18. FOOD ACCEPTANCE Most foods are accepted when they are cooked when the food flavour will be highly appreciated. Flavor can be regarded as the sensation caused by and those properties of any substance taken into the mouth which stimulated the sense of taste, smell, texture receptors in the mouth and /or also the general pam, and temperature reception in the mouth.

    19. SPECIAL TECHNIQUES IN FOOD PREPARATION The cooking of food involves heating it in a variety of ways to make it more palatable. The heat to cook the food comes from a variety of sources, including electric element or hotplates, gas flame from a stove or grill, the heat from a conventional oven; and heat generated by a microwave oven or in the case of sous vide the heat from the cooking medium is outside the bag.

    20. TRANSFER OF HEAT Heat is transferred to the food and cooking medium (the fat, water, stock or milk) by means of convection, conduction and radiation. Most foods are cooked by a combination of at least two of the processes of transferring heat not just one.

    21. EFFECT OF HEAT ON FOOD Protein Protein is coagulated by heat. The process is gradual. Overheating will harden the protein, making it tough, unpalatable and shrunken. The characteristic coagulation of protein when heated is employed in its use as a coating for deep- and shallow-fried foods and in the development of crust in bread, formed by the protein gluten in wheat.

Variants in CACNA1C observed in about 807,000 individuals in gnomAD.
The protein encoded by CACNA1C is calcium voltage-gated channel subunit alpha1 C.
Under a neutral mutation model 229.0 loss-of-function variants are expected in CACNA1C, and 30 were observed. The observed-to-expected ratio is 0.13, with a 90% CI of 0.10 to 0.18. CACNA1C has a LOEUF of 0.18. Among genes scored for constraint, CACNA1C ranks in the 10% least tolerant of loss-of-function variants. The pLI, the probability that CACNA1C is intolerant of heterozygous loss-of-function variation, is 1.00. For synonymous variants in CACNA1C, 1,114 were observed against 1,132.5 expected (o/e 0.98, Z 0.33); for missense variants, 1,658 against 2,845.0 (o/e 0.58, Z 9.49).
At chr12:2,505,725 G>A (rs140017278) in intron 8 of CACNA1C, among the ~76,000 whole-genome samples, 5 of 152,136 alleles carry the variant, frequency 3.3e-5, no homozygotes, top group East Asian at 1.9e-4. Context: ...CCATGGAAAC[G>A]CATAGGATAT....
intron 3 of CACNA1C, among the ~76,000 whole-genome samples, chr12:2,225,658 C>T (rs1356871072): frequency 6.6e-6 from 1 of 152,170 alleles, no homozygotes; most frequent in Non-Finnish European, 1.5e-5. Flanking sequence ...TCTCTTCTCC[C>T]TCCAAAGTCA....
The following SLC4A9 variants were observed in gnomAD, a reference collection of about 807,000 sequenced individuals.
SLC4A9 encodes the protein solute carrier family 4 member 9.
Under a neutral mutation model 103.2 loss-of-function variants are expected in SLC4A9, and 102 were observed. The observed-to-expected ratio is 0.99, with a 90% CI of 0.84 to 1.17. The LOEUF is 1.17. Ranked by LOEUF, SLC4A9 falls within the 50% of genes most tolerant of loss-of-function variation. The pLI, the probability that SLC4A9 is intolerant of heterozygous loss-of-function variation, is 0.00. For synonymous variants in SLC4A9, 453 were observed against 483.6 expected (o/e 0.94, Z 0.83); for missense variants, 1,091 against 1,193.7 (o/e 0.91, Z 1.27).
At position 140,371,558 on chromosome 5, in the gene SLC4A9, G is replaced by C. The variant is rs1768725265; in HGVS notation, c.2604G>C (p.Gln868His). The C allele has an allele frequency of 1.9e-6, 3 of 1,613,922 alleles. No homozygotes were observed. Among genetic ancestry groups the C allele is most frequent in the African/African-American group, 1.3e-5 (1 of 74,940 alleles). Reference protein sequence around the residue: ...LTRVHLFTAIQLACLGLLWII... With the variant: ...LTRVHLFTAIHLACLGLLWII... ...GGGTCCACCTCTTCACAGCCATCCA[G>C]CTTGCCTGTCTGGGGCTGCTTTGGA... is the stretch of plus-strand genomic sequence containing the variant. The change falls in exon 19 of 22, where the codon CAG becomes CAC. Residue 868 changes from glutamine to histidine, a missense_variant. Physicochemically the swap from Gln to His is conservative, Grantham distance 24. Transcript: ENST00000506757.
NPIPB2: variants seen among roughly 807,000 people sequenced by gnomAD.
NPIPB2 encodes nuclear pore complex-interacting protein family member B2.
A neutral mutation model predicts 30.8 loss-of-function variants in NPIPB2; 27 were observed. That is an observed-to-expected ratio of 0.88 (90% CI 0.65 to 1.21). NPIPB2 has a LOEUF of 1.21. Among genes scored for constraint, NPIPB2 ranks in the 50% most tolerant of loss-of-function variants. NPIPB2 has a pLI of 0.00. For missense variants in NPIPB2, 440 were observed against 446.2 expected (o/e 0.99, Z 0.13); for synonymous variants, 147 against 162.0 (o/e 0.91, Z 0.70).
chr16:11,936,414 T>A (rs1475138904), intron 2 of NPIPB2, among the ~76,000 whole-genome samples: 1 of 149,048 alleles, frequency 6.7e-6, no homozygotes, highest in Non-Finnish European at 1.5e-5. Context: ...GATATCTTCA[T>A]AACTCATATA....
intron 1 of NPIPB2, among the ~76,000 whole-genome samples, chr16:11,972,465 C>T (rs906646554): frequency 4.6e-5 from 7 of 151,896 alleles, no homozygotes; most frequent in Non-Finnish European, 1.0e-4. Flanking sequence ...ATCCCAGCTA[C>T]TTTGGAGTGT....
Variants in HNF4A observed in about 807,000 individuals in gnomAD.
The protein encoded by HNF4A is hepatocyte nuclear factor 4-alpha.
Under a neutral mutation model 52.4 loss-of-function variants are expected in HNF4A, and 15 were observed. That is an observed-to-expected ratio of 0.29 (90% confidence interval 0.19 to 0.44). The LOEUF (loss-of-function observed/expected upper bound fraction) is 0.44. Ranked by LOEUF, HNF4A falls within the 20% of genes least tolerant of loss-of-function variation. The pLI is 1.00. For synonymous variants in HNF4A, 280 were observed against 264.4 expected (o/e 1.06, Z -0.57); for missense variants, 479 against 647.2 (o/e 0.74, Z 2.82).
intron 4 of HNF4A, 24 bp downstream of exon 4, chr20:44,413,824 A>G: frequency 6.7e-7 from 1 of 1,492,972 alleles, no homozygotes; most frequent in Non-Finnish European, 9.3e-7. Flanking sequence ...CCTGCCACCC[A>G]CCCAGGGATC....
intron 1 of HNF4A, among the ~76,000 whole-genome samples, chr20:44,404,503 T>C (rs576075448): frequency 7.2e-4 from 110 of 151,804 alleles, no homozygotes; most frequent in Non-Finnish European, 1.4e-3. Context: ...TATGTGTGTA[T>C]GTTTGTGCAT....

22. EFFECT OF HEAT ON FOOD Carbohydrates Moist heat on starch causes the starch grains to soften and swell. Near boiling point the cellulose framework bursts, releasing the starch, which thickens the liquid Dry heat causes the starch to change colour from creamy white to brown and after prolonged heat, it will carbonise and burn. Water is given off during heating and the starch on the surface is changed to dextrin, a form of sugar, as in toast. Moist heat causes sugar to dissolve in water more rapidly in hot water than in cold. On heating it becomes syrup; on further heating it colours then caramelises and will eventually turn to carbon and ash. Dry heat causes sugar to caramelise quickly and burn